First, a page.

A Spool of Blue Thread by Anne Tyler (audiobook)
For about the first third of this book (shortlisted for the Booker Prize) I wondered what all the fuss was about. It was classically Tyler: well-drawn realistic characters, family dynamics in a Baltimore suburb. Then the structure of the book suddenly changed and I got why I’ve saw this on a lot of best of lists last year. The story could be described as an “epic family drama looking at generations within a family” but the brilliant thing is that Tyler telescopes into the past so we look at the family backwards instead of forwards in time. By structuring the book this way we see how characters memories of events differ from each other and change with time. The theme of memory and what is the “true” story weaves throughout the book but as always with Tyler it is the characters that are like people we all know that make the book so readable.

Secret of the Andes by Ann Nolan Clark (read for Newbery Challenge)
I enjoyed this coming of age tale of a young llama caretaker in Peru but still can’t believe that it won the Newbery the year that Charlotte’s Web got an Honor Book. 

Non-Fiction Read in April 

When Breath Becomes Air by Paul Kalanithi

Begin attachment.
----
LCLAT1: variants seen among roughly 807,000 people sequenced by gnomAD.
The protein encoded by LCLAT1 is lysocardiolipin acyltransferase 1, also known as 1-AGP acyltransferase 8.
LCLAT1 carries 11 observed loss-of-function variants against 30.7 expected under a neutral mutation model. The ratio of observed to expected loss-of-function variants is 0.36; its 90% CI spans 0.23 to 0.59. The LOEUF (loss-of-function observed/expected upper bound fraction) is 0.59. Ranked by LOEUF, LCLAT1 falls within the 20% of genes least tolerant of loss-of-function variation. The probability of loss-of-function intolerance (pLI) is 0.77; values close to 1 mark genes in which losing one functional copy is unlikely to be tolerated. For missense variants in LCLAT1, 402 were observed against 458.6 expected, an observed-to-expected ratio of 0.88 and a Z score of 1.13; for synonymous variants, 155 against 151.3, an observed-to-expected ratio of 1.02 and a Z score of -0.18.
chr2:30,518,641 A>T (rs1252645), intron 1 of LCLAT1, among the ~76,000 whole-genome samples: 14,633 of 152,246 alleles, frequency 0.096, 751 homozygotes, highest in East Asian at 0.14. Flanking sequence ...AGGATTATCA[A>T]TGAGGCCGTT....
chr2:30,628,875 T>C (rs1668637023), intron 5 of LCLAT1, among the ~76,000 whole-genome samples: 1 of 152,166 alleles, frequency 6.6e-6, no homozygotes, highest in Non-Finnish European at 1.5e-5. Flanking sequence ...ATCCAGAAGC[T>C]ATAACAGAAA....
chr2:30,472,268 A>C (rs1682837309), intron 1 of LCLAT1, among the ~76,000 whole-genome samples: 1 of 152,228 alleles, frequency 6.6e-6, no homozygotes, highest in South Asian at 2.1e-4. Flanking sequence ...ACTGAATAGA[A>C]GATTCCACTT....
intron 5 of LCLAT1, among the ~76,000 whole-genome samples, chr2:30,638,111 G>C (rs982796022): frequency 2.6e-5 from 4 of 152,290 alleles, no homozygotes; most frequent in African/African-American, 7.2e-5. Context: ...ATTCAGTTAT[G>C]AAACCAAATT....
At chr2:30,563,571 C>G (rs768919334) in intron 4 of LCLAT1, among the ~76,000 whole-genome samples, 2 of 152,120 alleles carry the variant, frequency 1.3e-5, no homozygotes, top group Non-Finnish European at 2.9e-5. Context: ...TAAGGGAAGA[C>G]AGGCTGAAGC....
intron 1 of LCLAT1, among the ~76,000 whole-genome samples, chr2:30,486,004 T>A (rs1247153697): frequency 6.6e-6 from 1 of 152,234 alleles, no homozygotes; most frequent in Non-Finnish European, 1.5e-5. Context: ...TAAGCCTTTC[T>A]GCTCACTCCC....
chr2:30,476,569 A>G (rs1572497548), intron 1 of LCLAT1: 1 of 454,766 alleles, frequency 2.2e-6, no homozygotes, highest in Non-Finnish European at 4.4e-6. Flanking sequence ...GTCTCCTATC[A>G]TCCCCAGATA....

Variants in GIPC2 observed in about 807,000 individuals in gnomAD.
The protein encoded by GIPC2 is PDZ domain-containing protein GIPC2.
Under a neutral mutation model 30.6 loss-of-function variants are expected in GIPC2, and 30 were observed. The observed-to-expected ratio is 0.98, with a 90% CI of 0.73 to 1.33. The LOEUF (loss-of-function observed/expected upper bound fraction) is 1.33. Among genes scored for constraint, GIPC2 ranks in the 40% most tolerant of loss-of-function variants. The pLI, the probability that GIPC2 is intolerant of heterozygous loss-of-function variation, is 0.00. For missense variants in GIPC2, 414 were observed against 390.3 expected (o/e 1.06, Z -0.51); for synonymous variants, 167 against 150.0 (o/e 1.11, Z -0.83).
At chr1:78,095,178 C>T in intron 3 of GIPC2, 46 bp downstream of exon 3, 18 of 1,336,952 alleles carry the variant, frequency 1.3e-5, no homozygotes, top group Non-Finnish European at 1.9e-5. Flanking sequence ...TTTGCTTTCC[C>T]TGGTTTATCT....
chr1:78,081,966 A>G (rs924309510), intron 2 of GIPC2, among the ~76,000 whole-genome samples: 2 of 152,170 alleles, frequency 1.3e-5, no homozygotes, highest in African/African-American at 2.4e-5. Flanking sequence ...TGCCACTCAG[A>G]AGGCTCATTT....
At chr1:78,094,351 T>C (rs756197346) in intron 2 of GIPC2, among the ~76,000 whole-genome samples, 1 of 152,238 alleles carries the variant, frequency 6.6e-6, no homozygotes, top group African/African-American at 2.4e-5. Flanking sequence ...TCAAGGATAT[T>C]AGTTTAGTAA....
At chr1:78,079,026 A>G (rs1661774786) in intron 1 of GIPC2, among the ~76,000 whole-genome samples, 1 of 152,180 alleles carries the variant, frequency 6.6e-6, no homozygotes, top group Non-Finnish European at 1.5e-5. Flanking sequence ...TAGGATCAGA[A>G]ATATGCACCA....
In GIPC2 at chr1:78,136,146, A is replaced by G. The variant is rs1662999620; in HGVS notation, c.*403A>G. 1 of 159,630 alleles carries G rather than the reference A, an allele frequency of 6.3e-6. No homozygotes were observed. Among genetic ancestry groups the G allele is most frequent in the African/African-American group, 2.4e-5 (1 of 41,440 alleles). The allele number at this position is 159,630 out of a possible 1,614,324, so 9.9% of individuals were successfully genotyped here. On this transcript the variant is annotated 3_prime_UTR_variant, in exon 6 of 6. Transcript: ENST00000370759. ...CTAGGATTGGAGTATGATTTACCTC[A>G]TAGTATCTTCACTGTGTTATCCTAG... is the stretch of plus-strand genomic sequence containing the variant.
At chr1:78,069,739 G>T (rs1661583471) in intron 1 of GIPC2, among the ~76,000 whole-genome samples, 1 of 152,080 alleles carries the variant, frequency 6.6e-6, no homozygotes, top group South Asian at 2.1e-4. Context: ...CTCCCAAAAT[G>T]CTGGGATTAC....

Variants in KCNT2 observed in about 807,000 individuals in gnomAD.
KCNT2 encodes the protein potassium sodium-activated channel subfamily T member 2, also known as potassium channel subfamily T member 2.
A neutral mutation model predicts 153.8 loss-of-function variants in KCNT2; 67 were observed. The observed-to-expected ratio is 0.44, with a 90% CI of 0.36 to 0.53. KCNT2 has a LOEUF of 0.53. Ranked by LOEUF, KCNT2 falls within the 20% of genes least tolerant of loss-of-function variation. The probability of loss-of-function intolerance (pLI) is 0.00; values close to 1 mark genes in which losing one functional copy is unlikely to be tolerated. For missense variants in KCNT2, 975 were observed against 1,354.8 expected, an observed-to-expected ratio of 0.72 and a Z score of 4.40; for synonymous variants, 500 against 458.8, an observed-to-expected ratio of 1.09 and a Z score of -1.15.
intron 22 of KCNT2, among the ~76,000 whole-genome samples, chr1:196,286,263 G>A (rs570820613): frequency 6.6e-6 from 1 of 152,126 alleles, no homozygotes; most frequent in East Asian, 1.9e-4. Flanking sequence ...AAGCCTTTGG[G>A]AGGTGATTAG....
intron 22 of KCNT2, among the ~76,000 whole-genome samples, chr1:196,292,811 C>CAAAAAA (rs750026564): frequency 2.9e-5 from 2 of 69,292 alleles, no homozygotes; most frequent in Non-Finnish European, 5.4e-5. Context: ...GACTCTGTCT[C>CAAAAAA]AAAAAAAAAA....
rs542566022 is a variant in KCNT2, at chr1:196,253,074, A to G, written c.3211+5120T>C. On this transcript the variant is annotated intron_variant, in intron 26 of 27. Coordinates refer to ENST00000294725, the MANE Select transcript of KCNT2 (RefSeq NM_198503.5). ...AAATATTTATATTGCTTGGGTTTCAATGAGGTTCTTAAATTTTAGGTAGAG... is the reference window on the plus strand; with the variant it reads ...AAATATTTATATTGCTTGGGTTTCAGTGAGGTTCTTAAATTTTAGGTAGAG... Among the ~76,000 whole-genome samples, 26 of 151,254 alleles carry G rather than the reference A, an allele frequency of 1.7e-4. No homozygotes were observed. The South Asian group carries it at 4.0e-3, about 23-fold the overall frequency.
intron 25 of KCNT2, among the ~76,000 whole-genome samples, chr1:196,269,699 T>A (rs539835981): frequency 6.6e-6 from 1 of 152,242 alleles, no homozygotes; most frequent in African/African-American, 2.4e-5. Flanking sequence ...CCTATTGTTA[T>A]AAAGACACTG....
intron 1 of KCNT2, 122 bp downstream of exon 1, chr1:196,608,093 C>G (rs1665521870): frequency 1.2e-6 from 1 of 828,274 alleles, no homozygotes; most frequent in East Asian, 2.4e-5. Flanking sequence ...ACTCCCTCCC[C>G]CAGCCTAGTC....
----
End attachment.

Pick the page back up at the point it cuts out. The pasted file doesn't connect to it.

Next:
My book club was looking for a book to read and someone asked if we could read something not depressing. I started talking about this book that I’d heard about on NPR that sounded really interesting…about a young neurosurgeon who died of cancer. They all looked at me like I was crazy and someone suggested that maybe I didn’t understand the meaning of “not depressing”. In the end we picked When Breath Becomes Air as our selection and everyone loved it and agreed that it wasn’t at all depressing. Sad, yes. It’s not a spoiler to tell you that Kalanithi, a brilliant man, dies tragically young, just as he is about to begin his career. However, his voice is powerful and speaks eloquently about what it means to die with grace and even more to live with appreciation for life. The end is full of redemption and hope, not a small achievement for a book that is essentially a memoir of dying. 

In a Different Key: A Story of Autism by John Donvan and Caren Zucker
I didn’t realize this one was going to be 500+ pages when I put it on hold at the library. It’s worth reading every one of those pages though. Donvan and Zucker tell the history of autism from the first description of the disorder by Leo Kanner to the modern controversies over vaccines and the concept of “neurodiversity”. They anchor each new topic or time period with a case study/story. This makes the book very readable. It’s not just a series of interesting stories: their thorough research is evident all through the book. 

With the Kids: